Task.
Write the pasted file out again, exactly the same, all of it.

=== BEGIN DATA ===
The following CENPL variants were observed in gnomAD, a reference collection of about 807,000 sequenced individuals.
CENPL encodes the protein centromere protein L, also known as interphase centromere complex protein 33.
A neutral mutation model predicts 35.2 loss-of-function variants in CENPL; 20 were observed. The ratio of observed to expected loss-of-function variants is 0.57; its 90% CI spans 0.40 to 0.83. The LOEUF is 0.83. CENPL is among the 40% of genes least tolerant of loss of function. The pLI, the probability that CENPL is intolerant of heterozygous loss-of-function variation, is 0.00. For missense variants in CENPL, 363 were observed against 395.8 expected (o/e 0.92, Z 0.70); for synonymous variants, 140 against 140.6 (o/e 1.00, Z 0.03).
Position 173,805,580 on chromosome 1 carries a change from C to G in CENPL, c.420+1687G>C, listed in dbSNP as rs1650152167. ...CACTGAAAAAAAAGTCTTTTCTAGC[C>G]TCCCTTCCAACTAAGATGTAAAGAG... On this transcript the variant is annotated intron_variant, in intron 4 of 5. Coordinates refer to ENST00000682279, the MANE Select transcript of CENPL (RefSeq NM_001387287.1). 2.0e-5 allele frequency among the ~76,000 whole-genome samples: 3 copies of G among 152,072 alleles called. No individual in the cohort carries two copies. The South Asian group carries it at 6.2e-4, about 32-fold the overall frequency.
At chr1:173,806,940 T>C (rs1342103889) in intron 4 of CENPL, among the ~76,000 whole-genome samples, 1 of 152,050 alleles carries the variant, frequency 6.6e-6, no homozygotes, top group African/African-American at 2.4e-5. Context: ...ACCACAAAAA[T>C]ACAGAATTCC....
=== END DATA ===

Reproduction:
The following CENPL variants were observed in gnomAD, a reference collection of about 807,000 sequenced individuals.
CENPL encodes the protein centromere protein L, also known as interphase centromere complex protein 33.
A neutral mutation model predicts 35.2 loss-of-function variants in CENPL; 20 were observed. The ratio of observed to expected loss-of-function variants is 0.57; its 90% CI spans 0.40 to 0.83. The LOEUF is 0.83. CENPL is among the 40% of genes least tolerant of loss of function. The pLI, the probability that CENPL is intolerant of heterozygous loss-of-function variation, is 0.00. For missense variants in CENPL, 363 were observed against 395.8 expected (o/e 0.92, Z 0.70); for synonymous variants, 140 against 140.6 (o/e 1.00, Z 0.03).
Position 173,805,580 on chromosome 1 carries a change from C to G in CENPL, c.420+1687G>C, listed in dbSNP as rs1650152167. ...CACTGAAAAAAAAGTCTTTTCTAGC[C>G]TCCCTTCCAACTAAGATGTAAAGAG... On this transcript the variant is annotated intron_variant, in intron 4 of 5. Coordinates refer to ENST00000682279, the MANE Select transcript of CENPL (RefSeq NM_001387287.1). 2.0e-5 allele frequency among the ~76,000 whole-genome samples: 3 copies of G among 152,072 alleles called. No individual in the cohort carries two copies. The South Asian group carries it at 6.2e-4, about 32-fold the overall frequency.
At chr1:173,806,940 T>C (rs1342103889) in intron 4 of CENPL, among the ~76,000 whole-genome samples, 1 of 152,050 alleles carries the variant, frequency 6.6e-6, no homozygotes, top group African/African-American at 2.4e-5. Context: ...ACCACAAAAA[T>C]ACAGAATTCC....